The latest discussion on immigration has largely focused on the illegal immigration of people crossing over into the United States from Mexico. After taking a backseat into issues regarding our financial crisis, healthcare reform, and political tactics, the passing of immigration law SB1070 in Arizona has rekindled the discussion on immigration and our need to find an effective and just solution. Supporters of the law believe that the law will discourage illegal immigrants from entering the state. Critics believe that the new law will encourage discriminatory actions and encourage racial profiling. I will not focus on the new law enacted in Arizona, but rather take a broader perspective of how immigration affects the United States in a global economy.


Arizona Reminiscent of Palmetto

As a kid growing up on the US-Mexico border in Brownsville, Texas, I was fascinated by a piece of local history about the Battle of Palmetto Hill. Considered the last battle of the Civil War, it actually took place after the War had officially ended because news of surrender had not yet reached the hinterlands. Ironically, even though the Civil War ended 145 years ago, the news has apparently still not reached all remote areas of our nation, like Arizona.

In that state, whose population is 30% Latino, the government seeks to broaden police powers to identify and apprehend undocumented immigrants, in effect legalizing racial profiling of Latinos, trampling on federal jurisdiction over immigration policy and enforcement, and undermining the ongoing efforts of the US Census to accurately count undocumented immigrants.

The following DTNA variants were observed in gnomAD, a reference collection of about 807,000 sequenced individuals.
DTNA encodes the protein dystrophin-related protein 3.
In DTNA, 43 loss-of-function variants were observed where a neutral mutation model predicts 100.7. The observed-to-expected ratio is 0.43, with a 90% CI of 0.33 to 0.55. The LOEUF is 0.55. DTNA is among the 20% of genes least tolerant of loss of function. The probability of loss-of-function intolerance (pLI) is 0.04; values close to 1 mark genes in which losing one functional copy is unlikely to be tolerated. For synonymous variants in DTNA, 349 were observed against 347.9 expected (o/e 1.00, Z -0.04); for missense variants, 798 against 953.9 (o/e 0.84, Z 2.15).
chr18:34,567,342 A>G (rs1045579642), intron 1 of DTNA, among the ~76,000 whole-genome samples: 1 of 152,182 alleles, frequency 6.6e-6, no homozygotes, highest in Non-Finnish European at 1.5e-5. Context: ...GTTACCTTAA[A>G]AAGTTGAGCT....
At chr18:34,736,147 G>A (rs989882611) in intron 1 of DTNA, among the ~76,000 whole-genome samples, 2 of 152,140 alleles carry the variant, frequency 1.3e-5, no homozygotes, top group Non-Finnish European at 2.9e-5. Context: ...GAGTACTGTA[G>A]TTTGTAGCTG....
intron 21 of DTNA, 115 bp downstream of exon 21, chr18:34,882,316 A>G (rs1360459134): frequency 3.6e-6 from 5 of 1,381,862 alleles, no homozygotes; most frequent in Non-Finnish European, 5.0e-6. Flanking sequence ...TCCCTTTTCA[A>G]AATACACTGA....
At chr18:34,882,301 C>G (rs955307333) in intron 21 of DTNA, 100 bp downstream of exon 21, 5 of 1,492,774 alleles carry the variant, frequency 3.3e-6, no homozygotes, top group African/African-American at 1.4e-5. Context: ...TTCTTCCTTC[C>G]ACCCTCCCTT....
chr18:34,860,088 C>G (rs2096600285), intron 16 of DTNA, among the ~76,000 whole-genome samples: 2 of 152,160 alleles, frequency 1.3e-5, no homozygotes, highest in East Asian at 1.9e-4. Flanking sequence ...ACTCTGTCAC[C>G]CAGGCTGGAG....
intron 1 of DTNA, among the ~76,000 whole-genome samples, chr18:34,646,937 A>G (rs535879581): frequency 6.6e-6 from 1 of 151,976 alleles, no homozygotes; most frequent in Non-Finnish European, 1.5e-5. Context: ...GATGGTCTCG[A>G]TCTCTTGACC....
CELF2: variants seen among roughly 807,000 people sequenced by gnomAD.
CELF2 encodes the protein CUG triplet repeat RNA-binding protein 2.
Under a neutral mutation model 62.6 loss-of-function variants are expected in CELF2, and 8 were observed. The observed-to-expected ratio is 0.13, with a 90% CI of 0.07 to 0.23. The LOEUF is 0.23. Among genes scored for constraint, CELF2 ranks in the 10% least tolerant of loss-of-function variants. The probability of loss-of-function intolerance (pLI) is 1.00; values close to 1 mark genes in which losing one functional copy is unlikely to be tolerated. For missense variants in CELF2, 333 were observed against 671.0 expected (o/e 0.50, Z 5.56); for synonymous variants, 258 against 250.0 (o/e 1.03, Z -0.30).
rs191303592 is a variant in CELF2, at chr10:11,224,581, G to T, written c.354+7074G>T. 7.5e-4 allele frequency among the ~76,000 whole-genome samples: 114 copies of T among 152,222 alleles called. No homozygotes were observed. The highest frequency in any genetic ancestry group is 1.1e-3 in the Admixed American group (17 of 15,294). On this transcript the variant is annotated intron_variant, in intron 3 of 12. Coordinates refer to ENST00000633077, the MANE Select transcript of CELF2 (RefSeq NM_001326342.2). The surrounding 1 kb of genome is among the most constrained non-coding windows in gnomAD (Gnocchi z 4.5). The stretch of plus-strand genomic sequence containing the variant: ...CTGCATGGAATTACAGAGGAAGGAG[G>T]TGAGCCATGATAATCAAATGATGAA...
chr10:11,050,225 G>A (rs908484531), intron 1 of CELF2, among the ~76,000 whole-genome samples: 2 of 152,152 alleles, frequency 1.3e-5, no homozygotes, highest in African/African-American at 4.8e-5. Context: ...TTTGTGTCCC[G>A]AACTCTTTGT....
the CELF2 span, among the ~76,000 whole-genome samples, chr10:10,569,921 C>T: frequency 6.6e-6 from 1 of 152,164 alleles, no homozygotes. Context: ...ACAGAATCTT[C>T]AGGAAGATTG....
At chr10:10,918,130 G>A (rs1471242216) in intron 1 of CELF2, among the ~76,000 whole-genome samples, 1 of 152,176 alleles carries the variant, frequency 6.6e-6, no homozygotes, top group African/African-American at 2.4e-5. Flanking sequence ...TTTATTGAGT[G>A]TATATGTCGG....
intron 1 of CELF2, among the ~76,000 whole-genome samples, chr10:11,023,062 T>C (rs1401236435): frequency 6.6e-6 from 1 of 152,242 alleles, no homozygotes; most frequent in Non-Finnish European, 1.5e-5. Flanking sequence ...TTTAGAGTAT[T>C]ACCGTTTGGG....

Just as the Civil War was largely about race and the balance of power between states and the federal government, Arizona’s bold – and reckless – move echoes an inglorious chapter from our nation’s past.


Shared Culture, Shared Burden

It is hard to conceive of a more complicated relationship than the one between Mexican immigrants who only recently arrived in the United States – legally or illegally – and Mexican-Americans whose families have lived here for generations.

It’s a relationship that is center stage now that Arizona Gov. Jan Brewer has signed SB 1070, a ghastly piece of legislation intended to get rid of one group by targeting and inconveniencing the other. It is no surprise that, when opponents of the law turned out recently in dozens of U.S. cities to condemn what is a license to racially profile in trolling for illegal immigrants, Mexican-Americans were well represented among the protesters.

They know a bad thing when they see one. The Support Our Law Enforcement and Safe Neighborhoods Act is a hypocritical and self-destructive law that is probably – in a legal sense – not long for this world. Hypocritical because Arizona now wants to play the victim of an illegal immigration problem that it helped create by offering illegal immigrants a friendly hiring climate for decades. Self-destructive because Arizona – if it succeeds in ridding the state of illegal immigrants — is sure to suffer from boycotts, diminished productivity, and lost federal revenue tied to Census figures. Not long for this world because it violates the 4th Amendment’s protection against unreasonable search and seizure, the 5th Amendment’s right to due process, and the Necessary and Proper Clause which makes plain that enforcing immigration law is the job of the federal government and not of individual states.